What should happen in the short run? It seems that mainstream environmental groups are currently contemplating putting maximum effort into pushing for the strongest Renewable Energy Standard, and the strongest efficiency requirements they can get between now and November. This shows that when all other options are exhausted, mainstream environmental groups sometimes do the right thing. But they should also consider putting their long term efforts into pushing for public investment and regulation on close to a WWII scale. That really could turn around the problem, maybe in time to prevent the disaster from reaching a civilization destroying scale. And it is a heck of a better basis on which to organize grass roots pressure than cap-and-trade. The deal making strategy has conclusively failed. It is past time to build a popular movement on this issue.
 Todd Alexander Litman and Eric Doherty, “Transportation Cost and Benefit Analysis II – Parking Costs”(pdf) in Transportation Cost and Benefit Analysis Techniques, Estimates and Implications [Second Edition], (Victoria BC, Victoria Transport Policy Institute, Jan-2009), Page 5.4-11 http://grist.org/wp-content/uploads/2010/07/tca0504.pdf (accessed 27-Apr-2010)
 One of many surveys showing around 80 percent support for renewable energy standards:
Barry Rabe and Christopher Borric, Climate Change and American Public Opinion: The National and State Perspective [PDF] , (Charlottesville, Va.: Miller Center of Public Affairs of the University of Virginia, 10-Dec-2008): p14 – Table 19, (accessed 29-Jan-2010).
In the same study, p17 Table 23 shows 77 percent support for auto efficiency standards. Toward the end of the 2008 Presidential election, surveys showed that over 60 percent of both Obama and McCain supporters favored renewable energy and business efficiency standards even if they raised the prices of energy prices and consumer products.
Knowledge Networks of Menlo Park California,McCain and Obama Supporters Largely Agree on Approaches to Energy, Climate Change [PDF]. WorldPublicOpinion.Org. 23/Sep 2008, (DC: International Policy Attitudes at the University of Maryland, 23-Sep-2008): 4-5,(accessed 29-Jan-2010).
71 percent of the U.S. population supports tighter efficiency rules for automobiles, even if that costs them money:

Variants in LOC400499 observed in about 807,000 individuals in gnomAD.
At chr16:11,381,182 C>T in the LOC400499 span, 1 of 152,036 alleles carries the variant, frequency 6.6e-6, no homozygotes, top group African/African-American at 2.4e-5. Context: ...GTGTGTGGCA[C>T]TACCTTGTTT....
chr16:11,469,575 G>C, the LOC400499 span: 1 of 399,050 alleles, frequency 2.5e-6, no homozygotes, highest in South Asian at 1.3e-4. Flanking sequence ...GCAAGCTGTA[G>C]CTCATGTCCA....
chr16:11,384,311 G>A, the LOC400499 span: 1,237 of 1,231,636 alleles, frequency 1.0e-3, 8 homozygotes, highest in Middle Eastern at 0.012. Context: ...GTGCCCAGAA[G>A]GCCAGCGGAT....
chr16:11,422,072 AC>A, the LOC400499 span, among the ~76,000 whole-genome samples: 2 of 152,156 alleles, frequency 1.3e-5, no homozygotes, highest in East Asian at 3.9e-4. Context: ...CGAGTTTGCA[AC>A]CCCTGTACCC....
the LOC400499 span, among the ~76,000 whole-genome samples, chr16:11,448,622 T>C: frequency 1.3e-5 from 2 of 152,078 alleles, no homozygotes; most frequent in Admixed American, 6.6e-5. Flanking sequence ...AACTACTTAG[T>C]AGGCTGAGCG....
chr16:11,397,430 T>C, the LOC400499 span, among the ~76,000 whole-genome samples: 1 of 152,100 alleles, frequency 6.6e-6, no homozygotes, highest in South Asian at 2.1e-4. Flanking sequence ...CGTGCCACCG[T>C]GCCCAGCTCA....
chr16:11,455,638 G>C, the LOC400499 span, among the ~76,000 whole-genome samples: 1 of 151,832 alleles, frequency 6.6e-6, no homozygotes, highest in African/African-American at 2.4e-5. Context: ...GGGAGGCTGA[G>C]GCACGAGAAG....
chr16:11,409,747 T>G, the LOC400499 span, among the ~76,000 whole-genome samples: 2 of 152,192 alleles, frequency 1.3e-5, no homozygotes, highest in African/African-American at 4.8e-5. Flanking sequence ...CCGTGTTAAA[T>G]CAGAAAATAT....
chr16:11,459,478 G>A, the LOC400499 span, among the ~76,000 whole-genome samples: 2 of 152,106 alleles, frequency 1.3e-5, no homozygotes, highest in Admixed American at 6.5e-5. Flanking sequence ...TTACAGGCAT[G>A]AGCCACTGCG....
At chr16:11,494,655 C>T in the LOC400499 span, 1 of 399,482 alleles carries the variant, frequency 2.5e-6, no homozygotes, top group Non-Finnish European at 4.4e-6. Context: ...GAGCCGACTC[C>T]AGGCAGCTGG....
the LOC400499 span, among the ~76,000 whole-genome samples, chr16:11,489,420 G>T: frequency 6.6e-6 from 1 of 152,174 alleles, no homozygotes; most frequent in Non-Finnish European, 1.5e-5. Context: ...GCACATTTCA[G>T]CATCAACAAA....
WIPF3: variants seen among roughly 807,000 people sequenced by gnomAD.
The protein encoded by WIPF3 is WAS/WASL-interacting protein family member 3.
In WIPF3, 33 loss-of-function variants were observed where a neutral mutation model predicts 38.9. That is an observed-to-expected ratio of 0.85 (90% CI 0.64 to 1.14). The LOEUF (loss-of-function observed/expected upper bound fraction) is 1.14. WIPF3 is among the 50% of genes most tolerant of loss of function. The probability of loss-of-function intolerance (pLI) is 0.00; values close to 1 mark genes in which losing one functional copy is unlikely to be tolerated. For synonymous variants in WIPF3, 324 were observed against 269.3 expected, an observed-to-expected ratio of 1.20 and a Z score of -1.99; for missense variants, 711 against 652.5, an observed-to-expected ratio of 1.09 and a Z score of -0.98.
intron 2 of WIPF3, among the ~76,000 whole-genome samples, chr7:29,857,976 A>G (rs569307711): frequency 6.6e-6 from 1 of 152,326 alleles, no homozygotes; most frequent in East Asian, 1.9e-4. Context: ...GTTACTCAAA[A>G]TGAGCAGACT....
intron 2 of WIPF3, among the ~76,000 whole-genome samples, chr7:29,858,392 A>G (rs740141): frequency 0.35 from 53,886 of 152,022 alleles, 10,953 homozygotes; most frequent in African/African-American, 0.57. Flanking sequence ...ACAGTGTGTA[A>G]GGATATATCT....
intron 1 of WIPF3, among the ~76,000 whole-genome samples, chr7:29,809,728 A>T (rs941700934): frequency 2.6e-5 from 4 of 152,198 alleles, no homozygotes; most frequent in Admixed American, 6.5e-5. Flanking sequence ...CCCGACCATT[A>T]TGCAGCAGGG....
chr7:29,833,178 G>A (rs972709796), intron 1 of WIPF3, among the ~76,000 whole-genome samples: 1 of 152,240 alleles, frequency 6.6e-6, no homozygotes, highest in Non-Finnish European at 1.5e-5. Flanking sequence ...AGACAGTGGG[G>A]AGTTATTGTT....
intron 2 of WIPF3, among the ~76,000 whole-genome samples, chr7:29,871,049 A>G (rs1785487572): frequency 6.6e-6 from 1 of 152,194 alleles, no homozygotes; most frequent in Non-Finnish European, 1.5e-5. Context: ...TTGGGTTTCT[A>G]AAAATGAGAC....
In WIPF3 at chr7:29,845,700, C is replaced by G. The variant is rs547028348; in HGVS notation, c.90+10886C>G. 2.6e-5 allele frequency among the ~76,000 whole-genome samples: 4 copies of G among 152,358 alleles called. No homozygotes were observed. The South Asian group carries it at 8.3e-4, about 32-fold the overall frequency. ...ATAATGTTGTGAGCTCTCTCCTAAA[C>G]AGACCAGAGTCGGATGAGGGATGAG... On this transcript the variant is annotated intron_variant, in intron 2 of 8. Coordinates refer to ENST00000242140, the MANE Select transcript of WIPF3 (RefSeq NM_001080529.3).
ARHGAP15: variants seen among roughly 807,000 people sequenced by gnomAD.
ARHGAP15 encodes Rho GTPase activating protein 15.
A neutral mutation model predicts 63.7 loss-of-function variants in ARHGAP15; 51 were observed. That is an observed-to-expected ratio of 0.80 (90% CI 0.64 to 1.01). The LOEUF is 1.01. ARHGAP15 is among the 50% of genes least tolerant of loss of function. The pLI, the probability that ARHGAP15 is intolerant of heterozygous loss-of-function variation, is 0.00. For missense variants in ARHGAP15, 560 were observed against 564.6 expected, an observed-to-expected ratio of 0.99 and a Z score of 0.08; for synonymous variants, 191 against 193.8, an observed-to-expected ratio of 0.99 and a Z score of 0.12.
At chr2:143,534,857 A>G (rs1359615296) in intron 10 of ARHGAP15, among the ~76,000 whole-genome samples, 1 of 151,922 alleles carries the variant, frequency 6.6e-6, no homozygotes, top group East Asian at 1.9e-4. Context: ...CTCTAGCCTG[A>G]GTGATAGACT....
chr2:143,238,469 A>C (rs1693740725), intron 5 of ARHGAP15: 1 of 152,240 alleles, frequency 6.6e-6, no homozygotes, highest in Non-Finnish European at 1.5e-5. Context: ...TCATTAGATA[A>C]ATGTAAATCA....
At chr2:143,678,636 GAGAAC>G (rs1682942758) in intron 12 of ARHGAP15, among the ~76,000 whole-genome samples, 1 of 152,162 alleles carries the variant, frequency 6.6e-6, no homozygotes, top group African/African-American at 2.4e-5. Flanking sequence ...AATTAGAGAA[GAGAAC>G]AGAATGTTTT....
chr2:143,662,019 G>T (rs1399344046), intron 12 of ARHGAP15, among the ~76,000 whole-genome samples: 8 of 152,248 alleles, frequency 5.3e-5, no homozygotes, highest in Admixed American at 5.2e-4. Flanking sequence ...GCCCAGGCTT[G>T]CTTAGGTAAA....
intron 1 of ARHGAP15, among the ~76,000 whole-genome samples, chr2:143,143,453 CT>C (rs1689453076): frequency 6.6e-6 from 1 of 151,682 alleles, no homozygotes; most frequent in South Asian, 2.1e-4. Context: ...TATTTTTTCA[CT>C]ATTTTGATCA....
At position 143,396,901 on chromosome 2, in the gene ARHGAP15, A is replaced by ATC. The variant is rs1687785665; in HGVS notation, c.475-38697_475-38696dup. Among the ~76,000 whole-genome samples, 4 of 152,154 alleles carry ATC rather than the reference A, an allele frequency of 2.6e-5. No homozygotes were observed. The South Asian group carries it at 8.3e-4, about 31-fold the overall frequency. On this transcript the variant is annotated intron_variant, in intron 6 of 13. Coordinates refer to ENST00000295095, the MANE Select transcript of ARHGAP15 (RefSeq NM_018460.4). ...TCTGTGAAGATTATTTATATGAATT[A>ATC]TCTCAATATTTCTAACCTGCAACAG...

The World Bank and The Program on International Policy Attitudes (PIPA) at the University of Maryland, “4.3 Willingness to Support National Steps with Economic Costs,”(pdf) in World Development Report 2010: Public Attitudes Toward Climate Change: Findings from a Multi-Country Poll, (D.C.: International Policy Attitudes at the University of Maryland, 3-Dec-2009):16,(accessed 30-Jan-2010).
Public support for public investment is harder to measure because polls on the subject are conducted less often. However, there have been some polls on rail. Back in 2006 a Harris poll showed that about 70 percent of the U.S. would like to see rail get the largest share of transportation growth co
mpared to car and airplanes, and the 70 percent of the population also thought this should be funded by local, state and the federal government rather than private enterprise:
Harris Interactive, Americans Would Like to See a Larger Share of Passengers and Freight Going By Rail in Future, (Harris Interactive Inc.,8-Feb-2006), (accessed 30-Jan-2010). [No longer online, or at least not that I can find.]
In November 2008, rail won a very important poll — actually voter initiatives and bond issues. 70 percent of transit initiatives on the ballot won, for a total of 75 billion in spending:
Christopher Conkey and Paul Glader, “Mass-Transit Projects Fared Well at Polls,” Wall Street Journal, 12-Nov-2008, A6.
An example of a poll that found a carbon tax favored over a cap-and-trade system:
Ben Geman, “Is a Carbon Tax Dead?”, The Hill, E2Wire – The Hill’s Energy and Environment Blog, (Dow Jones, 1-Dec-2009), (accessed 30-Jan-2010).
An example of a poll that found a cap-and-trade system is favored over a carbon tax:
Paul Steinhauser, CNN Poll: 6 in 10 Back ‘Cap and Trade.’, PoliticalTicker, Cable News Network (CNN), (CNN, 27-Oct-2009), (accessed 30-Jan-2010).
The truth is: the public knows very little about either cap-and-trade or a carbon tax. When both are explained, the U.S. public supports neither:
Barry Rabe and Christopher Borric, “The Climate of Belief: American Public Opinion on Climate Change: Market Based Policy Options: Public Attitudes Toward Cap-and-Trade v. Carbon Taxes” [PDF], Issues in Governance Studies, no. 31 (The Brookings Institution, Jan-2010):12,(accessed 30-Jan-2010).